Thursday, April 14, 2011
We frequently hear from educators that the need for regional art and culture education resources is immense. To address that need this year, the Museum welcomed more than 300 Central Oregon elementary school students, mostly from Title I schools, for a unique chance to explore art and culture and be inspired by rare Native American artifacts.
The innovative, grant-funded Art Through Ancestry School Program was free to schools and integrated elements of the Art Through Ancestry exhibit, created by the Museum. In the exhibit, three Native American artists connected the past to the present by using the inspiration of ancestral artifacts to create contemporary art.
The students took their art home, showed their parents what’s important to them, and told what they saw and did here. This opened the door for these students, including some of Native American heritage, to discuss what is important to their culture.
That alone is gratifying, but we also received exuberant declarations of gratitude from the students. Some of the students included drawings too. (One, above, is of a pot that one student made in the class.)
Teachers, local artists, arts advocates, and the Bend/La Pine school district have told us that providing opportunities such as this to view the Museum’s collection, learn about the artifacts and art at the Museum, and integrate arts education into the Museum’s programs is a high priority.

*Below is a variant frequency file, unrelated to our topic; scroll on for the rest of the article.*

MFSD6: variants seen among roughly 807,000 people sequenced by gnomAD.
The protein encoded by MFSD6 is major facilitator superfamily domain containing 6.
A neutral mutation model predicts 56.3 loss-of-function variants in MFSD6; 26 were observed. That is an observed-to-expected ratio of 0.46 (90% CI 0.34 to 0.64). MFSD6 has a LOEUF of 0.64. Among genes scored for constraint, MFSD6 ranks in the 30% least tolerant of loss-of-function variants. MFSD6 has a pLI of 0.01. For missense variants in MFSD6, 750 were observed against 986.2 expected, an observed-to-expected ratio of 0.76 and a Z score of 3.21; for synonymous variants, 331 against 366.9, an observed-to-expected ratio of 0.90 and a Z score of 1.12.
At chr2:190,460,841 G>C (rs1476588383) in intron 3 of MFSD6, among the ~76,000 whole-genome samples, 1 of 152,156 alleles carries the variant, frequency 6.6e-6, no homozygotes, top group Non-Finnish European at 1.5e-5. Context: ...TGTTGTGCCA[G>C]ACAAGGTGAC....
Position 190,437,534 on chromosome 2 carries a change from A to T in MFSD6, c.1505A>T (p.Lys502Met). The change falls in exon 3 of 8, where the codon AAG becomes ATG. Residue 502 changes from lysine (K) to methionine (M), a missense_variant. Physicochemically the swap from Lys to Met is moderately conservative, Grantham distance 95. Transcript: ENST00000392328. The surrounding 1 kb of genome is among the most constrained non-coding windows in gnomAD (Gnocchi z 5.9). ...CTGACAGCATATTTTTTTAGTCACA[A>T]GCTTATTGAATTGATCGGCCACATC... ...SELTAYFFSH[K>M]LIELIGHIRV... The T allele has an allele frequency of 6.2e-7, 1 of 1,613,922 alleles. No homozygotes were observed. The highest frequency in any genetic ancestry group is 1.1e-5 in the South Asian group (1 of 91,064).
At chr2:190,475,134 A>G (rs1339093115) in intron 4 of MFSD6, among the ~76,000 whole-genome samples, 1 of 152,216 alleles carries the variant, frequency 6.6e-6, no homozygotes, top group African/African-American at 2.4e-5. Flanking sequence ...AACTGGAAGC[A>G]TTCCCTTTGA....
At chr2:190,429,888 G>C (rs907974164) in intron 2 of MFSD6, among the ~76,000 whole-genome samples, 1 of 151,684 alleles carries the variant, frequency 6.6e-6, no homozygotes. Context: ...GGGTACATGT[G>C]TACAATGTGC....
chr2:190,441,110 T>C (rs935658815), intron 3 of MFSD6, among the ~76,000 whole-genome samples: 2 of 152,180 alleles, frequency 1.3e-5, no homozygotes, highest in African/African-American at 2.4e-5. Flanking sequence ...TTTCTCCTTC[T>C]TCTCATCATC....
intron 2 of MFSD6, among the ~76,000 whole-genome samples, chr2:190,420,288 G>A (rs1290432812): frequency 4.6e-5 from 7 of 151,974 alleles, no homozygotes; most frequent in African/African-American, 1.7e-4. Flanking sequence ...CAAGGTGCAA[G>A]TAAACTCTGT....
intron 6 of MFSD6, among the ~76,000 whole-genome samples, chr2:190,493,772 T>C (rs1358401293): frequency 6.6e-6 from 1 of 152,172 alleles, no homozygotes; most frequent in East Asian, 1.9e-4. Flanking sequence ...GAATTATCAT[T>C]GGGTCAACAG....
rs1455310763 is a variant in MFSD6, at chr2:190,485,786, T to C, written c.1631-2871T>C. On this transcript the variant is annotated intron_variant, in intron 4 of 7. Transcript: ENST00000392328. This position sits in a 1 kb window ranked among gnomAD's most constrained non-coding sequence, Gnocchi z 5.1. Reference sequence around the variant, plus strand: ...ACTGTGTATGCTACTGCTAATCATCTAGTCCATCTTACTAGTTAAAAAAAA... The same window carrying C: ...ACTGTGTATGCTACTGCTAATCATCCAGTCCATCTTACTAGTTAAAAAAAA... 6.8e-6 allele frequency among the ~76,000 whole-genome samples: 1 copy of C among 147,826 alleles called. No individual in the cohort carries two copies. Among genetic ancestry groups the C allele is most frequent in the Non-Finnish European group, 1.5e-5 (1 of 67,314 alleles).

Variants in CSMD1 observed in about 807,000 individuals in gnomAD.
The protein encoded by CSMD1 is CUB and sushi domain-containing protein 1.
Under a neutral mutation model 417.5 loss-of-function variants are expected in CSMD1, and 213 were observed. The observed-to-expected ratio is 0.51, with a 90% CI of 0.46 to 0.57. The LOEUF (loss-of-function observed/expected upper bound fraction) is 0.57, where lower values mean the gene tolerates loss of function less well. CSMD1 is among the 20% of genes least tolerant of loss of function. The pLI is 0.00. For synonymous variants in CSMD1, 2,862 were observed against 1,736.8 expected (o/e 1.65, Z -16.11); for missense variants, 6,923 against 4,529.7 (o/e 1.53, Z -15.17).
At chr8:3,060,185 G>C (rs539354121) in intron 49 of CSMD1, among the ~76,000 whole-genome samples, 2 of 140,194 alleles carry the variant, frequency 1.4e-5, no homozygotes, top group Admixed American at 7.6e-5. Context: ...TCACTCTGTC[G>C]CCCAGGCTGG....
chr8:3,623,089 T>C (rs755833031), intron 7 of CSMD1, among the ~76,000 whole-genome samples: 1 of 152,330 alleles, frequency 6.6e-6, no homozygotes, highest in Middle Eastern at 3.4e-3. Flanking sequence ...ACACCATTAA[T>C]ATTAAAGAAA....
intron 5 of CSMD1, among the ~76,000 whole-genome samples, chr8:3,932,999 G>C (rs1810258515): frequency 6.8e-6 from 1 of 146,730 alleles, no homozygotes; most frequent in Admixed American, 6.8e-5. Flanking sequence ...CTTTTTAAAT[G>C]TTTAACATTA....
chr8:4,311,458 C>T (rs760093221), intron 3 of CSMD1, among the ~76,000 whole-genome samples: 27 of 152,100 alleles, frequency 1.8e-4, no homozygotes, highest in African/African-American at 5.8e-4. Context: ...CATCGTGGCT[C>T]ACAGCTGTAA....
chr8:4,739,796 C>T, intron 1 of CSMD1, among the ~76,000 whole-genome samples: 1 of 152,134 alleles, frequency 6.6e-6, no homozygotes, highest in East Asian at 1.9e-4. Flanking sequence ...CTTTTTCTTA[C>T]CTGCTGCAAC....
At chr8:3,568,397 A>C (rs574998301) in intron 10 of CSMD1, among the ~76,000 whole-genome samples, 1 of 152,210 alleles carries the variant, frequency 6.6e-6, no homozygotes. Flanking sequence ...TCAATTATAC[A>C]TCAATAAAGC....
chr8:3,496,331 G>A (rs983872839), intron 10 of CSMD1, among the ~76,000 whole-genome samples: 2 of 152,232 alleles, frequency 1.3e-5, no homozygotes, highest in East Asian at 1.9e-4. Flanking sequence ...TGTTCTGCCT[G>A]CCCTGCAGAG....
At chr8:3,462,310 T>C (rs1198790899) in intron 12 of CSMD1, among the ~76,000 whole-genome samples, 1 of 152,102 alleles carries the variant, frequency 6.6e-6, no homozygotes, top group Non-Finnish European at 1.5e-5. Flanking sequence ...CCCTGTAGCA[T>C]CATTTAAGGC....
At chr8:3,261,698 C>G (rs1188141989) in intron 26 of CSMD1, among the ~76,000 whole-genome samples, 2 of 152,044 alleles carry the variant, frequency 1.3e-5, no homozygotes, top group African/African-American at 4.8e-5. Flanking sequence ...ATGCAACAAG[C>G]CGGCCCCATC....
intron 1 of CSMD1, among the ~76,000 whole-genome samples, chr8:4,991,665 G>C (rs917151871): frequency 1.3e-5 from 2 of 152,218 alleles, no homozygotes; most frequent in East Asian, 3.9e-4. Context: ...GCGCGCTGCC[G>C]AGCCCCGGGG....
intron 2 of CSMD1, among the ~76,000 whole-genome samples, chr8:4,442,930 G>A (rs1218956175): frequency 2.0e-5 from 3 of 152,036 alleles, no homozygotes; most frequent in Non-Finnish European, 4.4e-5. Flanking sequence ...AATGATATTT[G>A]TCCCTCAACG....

We are currently pursuing more grant funding so that we can bring it back next year.
Posted by The High Desert Museum at 5:04 PM
Thursday, April 7, 2011
Ever tried building an indoor volcano? Not the mini, tabletop ones. We’re talking about one you can walk through and touch all kinds of weird volcanic rocks and soil, and emerge to see footage of Mount St. Helens erupting, then create a caldera (a crater-like volcanic collapse), and make magma rise at the touch of a button.
That’s what we’re up to now – speedily finishing the Volcano Country exhibit that opens Saturday. You’ll be awed by its magma-nificence.
But seriously, you will be amazed to see how, in 10 days, we have transformed the gallery where our live Butterflies exhibit had been. Gone are several tons of dirt, hundreds of plants and watering systems.
As you read this, our exhibits team is making Volcano Country all come together. David Werhane, exhibit preparator, is scaling up and down huge ladders. Glen Marcusen, exhibit design team lead, is waving his arms and scratching his head. Fabric designer Kimry Jelen is hunched over a sewing machine, making the towering, billowing volcano.
It’s all to put Oregon’s explosive geology at your fingertips, with hands-on ways to discover our area's fiery natural history. Come and explore it this weekend!
Presented by Bend Research with support from BendTel, Vernier Software & Technology. In coordination with Central Oregon Community College, Oregon Historical Society and Oregon Paleolands Institute.
Posted by The High Desert Museum at 3:24 PM
Sunday, April 3, 2011
To those of you who didn't notice our April Fool's disclaimer on our previous snake post, we apologize. We certainly did not wish to alarm anyone with our attempt at some April first humor. We've deleted the post so there will be no further concerns.
Posted by High Desert Museum at 1:04 PM